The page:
- A very useful, inexpensive and easy to read summary of sexual and reproductive health, including contraception. The BASHH guidelines are extremely long and hard to read and this book contains all the required knowledge in a much more accessible format and style.
- Williams Gynecology Third Edition – Hoffman, Schorge et al. (2016)
- Not essential to purchase – we recommend borrowing this book from the library as it is expensive. It contains beautifully drawn diagrams of all gynaecological operations and procedures which are ideal for visualizing a rare procedure mentioned in the literature but rarely seen in clinical practice.
- Managing Obstetric Emergencies and Trauma: The MOET Course Manual Paperback – Paterson-Brown & Howell (2016)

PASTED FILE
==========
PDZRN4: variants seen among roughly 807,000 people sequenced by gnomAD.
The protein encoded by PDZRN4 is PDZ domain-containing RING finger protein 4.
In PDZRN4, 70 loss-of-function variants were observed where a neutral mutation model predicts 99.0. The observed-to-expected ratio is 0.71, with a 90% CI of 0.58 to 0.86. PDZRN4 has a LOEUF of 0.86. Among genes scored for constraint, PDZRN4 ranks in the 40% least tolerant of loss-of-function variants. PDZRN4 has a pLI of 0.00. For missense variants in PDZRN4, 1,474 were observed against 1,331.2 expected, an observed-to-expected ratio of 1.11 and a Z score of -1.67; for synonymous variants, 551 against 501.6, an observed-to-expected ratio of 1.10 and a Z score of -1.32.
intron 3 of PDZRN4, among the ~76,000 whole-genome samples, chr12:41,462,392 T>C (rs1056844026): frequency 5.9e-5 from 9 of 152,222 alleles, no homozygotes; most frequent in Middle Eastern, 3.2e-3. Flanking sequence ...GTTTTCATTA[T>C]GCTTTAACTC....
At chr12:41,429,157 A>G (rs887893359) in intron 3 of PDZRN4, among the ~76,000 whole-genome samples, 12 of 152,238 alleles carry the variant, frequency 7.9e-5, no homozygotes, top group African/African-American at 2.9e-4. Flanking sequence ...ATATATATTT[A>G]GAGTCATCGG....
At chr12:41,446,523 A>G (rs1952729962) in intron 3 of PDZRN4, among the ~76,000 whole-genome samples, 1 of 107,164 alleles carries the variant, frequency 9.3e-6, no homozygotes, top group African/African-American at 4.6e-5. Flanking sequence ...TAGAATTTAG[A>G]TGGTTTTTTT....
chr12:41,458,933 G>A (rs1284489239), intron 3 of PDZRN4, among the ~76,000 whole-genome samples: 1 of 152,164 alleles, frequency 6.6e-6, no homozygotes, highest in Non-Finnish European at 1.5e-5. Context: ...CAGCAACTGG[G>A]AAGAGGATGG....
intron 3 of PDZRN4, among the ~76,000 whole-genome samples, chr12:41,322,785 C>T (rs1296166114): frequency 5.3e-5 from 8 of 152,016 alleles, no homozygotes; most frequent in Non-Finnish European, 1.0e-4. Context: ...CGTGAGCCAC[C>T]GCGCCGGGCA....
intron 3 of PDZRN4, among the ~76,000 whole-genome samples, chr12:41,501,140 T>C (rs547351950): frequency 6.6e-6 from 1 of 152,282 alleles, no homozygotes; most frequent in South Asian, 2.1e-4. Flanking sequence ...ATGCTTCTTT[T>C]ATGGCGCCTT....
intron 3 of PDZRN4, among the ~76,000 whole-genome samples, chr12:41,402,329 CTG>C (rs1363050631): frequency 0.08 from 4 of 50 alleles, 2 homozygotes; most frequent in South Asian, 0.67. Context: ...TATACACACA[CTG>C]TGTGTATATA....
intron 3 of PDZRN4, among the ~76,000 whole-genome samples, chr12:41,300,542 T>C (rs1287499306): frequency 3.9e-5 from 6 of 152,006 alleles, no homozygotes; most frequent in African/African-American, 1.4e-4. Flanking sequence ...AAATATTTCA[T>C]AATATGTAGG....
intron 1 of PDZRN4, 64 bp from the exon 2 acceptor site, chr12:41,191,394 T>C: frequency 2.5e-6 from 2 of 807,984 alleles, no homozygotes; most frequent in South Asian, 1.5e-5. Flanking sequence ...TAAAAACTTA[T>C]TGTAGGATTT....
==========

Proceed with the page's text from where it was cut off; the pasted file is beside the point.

- Clear well-structured book describing management of every obstetric emergency. Although most senior registrars will take the MOET course in their final two years of training, the manual is a useful adjunct to revision. Expensive so worth asking a friendly senior registrar if you can borrow their copy!
- Urogynaecology for the MRCOG and Beyond – Price & Jackson (2014)
- Useful small and easy-to-read book for aspects of the curriculum that are not covered by the main urogynaecology guidelines, such as recurrent UTIs and bladder pain syndromes.
- Download everything you need to read
We have provided direct links to all the relevant guidelines and articles, in parallel with our suggested reading list. Having all of the material downloaded to one place allows you to plan your revision schedule and refer quickly to the relevant guideline if needed. We recommend organizing your revision materials by module to make it easier to find a particular guideline quickly.